Their reputation might peg them as disease-ridden vermin, but bats aren’t so bad after all, a new University of Calgary study claims.
In an article published in the Journal of Wildlife Disease, U of C researchers dispute the notion that the creatures of the night are riddled with rabies.
“It’s completely not true,” said Brandon Klug, a graduate student and the lead author of the paper.
“They’re just all negative stigmas that have been passed down.”
In the article, the researchers suggest the number of bats with the disease is closer to one per cent – regardless of species or where the bats roost. That’s compared to the 10 per cent figure indicated in previous studies.
The researchers compared bats turned in by the public and those randomly sampled from their natural environment. They also looked for the disease in carcasses of migratory tree-roosting hoary bats and silver-haired bats killed by wind turbines.
The research team sent 217 bat carcasses to the Centers of Disease Control and Prevention for testing; they also reviewed literature on reported rabies in a variety of North American species for the past 56 years – which included 65,096 bats.
“This study is significant because it confirms that rabies rates for bats has been over-estimated. It’s also the first time such a rigorous literature review has been completed on this topic,” said co-author Dr. Robert Barclay, biological science professor and head of the U of C’s department of biological sciences.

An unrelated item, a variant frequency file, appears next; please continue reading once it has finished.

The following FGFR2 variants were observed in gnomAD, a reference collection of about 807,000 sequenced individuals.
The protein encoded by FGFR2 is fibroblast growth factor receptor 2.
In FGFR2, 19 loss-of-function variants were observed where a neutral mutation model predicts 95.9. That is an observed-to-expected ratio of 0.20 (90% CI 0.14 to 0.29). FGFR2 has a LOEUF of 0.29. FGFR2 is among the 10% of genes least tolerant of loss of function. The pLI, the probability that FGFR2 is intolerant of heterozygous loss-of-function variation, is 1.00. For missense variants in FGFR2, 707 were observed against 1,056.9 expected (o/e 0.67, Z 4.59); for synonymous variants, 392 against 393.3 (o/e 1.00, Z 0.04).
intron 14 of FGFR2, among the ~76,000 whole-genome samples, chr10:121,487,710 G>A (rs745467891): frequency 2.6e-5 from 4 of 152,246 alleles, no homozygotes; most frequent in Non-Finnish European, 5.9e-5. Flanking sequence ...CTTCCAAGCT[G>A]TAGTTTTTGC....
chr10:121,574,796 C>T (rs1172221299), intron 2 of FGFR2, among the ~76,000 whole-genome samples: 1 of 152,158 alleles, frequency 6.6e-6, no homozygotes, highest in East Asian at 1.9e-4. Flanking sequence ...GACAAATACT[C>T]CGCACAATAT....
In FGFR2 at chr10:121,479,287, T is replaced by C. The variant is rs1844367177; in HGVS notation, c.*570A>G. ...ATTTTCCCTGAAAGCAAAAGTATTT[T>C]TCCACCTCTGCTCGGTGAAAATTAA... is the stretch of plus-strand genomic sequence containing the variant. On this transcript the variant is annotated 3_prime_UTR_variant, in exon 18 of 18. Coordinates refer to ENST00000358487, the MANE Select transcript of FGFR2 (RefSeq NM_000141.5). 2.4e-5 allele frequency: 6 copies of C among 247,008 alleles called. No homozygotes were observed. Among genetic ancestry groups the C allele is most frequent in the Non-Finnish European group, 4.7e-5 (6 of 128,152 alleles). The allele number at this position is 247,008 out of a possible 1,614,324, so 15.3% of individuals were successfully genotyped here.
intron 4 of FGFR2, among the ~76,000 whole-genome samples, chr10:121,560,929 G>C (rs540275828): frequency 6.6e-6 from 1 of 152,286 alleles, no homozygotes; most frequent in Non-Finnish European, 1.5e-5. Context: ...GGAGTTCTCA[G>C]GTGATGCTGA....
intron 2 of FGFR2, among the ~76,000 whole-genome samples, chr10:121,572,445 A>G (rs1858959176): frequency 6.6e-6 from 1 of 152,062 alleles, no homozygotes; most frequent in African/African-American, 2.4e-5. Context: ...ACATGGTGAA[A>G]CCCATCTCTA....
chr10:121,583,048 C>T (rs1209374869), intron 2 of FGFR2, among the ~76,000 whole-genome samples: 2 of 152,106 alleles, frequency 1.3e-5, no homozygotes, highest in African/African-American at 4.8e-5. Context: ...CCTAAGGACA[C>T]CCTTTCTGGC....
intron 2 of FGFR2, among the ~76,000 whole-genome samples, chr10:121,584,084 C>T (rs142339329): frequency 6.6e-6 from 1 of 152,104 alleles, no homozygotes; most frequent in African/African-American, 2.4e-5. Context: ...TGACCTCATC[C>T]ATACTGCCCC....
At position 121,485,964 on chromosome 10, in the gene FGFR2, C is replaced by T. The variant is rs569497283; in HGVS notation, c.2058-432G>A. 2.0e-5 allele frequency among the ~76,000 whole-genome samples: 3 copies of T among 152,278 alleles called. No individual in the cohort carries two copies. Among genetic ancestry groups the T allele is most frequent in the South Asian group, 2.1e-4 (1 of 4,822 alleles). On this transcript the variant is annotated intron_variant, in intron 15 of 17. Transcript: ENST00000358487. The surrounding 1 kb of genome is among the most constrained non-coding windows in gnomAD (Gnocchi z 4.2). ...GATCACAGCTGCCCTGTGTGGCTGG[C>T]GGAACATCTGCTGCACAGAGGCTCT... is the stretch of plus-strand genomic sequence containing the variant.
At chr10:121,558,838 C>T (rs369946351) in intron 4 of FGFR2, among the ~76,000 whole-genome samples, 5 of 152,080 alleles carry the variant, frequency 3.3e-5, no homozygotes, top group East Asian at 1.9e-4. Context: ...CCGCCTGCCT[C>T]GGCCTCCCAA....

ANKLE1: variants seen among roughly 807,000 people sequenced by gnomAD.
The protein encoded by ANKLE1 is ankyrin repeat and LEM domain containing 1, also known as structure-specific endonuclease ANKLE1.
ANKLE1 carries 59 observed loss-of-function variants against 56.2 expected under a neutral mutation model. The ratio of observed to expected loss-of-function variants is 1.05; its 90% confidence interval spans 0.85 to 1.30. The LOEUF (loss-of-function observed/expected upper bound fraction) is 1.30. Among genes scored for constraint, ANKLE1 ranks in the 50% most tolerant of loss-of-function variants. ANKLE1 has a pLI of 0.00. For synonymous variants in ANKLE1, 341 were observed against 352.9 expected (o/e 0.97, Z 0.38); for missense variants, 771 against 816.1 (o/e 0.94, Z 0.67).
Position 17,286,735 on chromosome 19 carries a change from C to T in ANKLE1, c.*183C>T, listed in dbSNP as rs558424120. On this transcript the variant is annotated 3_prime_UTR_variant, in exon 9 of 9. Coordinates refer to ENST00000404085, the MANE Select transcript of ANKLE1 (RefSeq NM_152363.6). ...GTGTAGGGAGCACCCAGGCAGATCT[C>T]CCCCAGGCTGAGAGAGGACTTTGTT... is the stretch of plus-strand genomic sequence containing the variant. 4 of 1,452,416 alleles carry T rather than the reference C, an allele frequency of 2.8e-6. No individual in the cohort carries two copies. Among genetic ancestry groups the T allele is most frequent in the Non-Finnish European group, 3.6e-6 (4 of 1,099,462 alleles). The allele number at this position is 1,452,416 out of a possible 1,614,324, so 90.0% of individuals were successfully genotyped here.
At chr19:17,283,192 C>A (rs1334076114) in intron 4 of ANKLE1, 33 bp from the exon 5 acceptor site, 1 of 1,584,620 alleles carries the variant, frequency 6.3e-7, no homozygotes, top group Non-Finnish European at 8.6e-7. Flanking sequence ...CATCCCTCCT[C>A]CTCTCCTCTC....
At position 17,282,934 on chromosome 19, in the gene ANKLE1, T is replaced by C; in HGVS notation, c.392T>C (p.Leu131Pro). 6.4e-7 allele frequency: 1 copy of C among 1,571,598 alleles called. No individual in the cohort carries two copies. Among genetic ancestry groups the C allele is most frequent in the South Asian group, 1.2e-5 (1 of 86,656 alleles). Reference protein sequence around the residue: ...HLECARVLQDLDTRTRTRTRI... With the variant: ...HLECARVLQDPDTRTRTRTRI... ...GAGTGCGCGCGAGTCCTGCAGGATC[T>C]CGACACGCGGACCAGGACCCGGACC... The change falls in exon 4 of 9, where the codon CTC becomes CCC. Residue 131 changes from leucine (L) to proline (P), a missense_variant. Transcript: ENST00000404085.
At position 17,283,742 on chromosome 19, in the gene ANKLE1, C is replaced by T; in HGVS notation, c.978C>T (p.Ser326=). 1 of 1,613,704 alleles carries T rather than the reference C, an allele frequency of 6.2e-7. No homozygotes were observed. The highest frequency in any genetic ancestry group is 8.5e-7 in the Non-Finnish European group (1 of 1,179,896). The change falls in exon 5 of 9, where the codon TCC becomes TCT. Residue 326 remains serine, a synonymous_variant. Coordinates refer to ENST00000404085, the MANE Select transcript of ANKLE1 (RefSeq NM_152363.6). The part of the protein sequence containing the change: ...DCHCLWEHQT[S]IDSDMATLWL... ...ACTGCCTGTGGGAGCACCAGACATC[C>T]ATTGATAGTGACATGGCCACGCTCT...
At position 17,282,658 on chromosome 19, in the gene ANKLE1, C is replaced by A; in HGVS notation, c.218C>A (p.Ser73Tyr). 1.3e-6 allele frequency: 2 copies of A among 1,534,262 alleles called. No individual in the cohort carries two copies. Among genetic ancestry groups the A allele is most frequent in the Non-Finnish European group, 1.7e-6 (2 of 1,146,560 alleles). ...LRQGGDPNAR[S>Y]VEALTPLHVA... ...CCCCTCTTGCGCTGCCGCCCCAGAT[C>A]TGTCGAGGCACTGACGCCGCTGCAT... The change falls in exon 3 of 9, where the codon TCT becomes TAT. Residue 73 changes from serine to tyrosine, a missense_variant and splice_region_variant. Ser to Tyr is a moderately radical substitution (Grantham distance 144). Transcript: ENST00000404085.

Bats are considered “reservoirs” for rabies, passing the disease among each other at a rate that keeps it within the population, but isn’t fast enough to eradicate the bat population.
“It’s good to give them a little bit of positive attention,” Klug said, noting bats already face a host of threats, including wind turbines.
Though the threat of rabies is low, it’s still not a good idea to handle bats, he added.
The article is by Klug, Barclay, Amy Turmelle, James Ellison and Erin Baerwald.
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